TOMS shoes were manufactured in Argentina, China, and Ethiopia. The company required the factories to operate under sound labor conditions, pay fair wages, and follow local labor standards. A code of conduct was signed by all factories. In addition to its production staff routinely visiting the factories to ensure that they were maintaining good working standards, third parties annually audited the factories. The company’s original line of al pargata shoes was expanded to include children’s shoes, leather shoes, cordones youth shoes, botas, and wedges. In January 2009, the company collaborated with Element Skateboards to create a line of shoes, skate decks, and longboards. For each pair of TOMS Element shoes and/or skateboard bought, one of the same was given to children at the Indigo Skate Camp in the village of Isithumba in Durban, South Africa.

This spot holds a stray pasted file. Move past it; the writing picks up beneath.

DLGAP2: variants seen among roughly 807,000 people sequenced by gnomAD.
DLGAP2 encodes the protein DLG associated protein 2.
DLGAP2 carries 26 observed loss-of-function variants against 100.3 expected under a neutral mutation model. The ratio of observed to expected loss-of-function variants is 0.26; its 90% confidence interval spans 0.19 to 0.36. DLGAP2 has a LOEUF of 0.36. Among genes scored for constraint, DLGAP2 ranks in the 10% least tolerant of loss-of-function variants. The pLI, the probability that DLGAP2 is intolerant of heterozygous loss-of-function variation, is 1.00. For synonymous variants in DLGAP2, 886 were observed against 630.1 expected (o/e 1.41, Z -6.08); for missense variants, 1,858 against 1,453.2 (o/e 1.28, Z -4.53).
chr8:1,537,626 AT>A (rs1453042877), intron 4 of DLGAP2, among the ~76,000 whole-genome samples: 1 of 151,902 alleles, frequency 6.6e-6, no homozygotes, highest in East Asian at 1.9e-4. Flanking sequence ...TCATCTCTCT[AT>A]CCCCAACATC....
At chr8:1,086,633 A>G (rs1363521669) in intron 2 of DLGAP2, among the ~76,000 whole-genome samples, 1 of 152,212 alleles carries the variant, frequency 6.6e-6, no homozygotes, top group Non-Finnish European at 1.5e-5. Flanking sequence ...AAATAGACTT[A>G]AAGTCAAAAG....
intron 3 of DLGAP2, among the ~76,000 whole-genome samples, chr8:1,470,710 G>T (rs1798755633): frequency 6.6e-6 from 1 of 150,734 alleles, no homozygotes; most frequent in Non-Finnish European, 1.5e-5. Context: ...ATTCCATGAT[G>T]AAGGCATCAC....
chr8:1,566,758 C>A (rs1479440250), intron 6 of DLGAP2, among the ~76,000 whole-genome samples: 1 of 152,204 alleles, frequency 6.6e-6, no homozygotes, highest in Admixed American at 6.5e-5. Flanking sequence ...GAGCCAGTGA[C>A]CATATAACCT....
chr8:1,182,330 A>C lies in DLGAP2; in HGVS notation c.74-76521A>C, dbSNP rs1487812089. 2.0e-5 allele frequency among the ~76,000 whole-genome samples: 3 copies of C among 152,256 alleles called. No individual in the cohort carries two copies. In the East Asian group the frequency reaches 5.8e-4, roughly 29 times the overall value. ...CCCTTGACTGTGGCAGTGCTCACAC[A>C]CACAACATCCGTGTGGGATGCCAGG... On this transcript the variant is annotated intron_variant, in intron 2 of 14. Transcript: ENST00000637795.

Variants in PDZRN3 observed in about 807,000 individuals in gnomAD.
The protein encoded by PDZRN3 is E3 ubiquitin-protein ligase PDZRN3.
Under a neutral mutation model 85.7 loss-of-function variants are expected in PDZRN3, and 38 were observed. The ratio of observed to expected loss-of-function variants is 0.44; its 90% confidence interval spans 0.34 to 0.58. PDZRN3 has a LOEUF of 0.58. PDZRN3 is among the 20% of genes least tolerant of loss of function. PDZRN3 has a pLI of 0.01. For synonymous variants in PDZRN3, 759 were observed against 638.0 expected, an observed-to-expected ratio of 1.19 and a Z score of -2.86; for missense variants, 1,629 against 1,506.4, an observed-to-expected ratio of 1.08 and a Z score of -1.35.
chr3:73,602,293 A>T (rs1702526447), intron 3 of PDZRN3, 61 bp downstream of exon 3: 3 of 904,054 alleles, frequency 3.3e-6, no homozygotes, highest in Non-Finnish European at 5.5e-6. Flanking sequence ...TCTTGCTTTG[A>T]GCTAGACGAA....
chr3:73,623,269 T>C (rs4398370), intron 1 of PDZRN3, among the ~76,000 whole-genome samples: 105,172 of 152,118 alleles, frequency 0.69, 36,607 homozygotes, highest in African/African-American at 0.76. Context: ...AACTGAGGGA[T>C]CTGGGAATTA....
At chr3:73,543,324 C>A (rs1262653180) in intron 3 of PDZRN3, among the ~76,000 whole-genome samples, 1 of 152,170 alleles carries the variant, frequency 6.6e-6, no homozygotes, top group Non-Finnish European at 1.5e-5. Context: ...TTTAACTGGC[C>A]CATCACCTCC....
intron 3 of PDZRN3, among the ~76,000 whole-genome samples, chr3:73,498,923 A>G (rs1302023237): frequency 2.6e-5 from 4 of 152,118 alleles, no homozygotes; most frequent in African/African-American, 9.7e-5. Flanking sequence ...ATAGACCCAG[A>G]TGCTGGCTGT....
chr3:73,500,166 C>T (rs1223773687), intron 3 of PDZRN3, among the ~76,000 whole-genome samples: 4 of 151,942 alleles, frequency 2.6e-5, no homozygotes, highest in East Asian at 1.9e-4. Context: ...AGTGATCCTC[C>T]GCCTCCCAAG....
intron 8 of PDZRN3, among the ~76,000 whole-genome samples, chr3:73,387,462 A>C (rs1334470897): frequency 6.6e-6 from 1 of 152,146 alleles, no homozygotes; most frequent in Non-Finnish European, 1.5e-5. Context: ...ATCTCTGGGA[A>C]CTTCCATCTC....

Blake Mycoskie was the company’s Chief Executive Officer and joked that he was also its “Chief Shoe Giver.” He spent much of his time traveling the country to speak at universities and companies about the TOMS Shoes’ business model. According to CEO Mycoskie in a June 2010 article in Inc., “The reason I can travel so much is that I’ve put together a strong team of about ten people who pretty much lead the company while I am gone. Candice Wolfswinkel is my chief of staff and the keeper of the culture. . . . I have an amazing CFO, Jeff Tyler, and I’ll check in with him twice a week. I talk to my sales managers on a weekly basis. I also call my younger brother,
Tyler, a lot—he’s head of corporate sales.” The company had 85 employees plus interns and volunteers. In 2009, more than 1,000 people applied for 15 summer internship positions.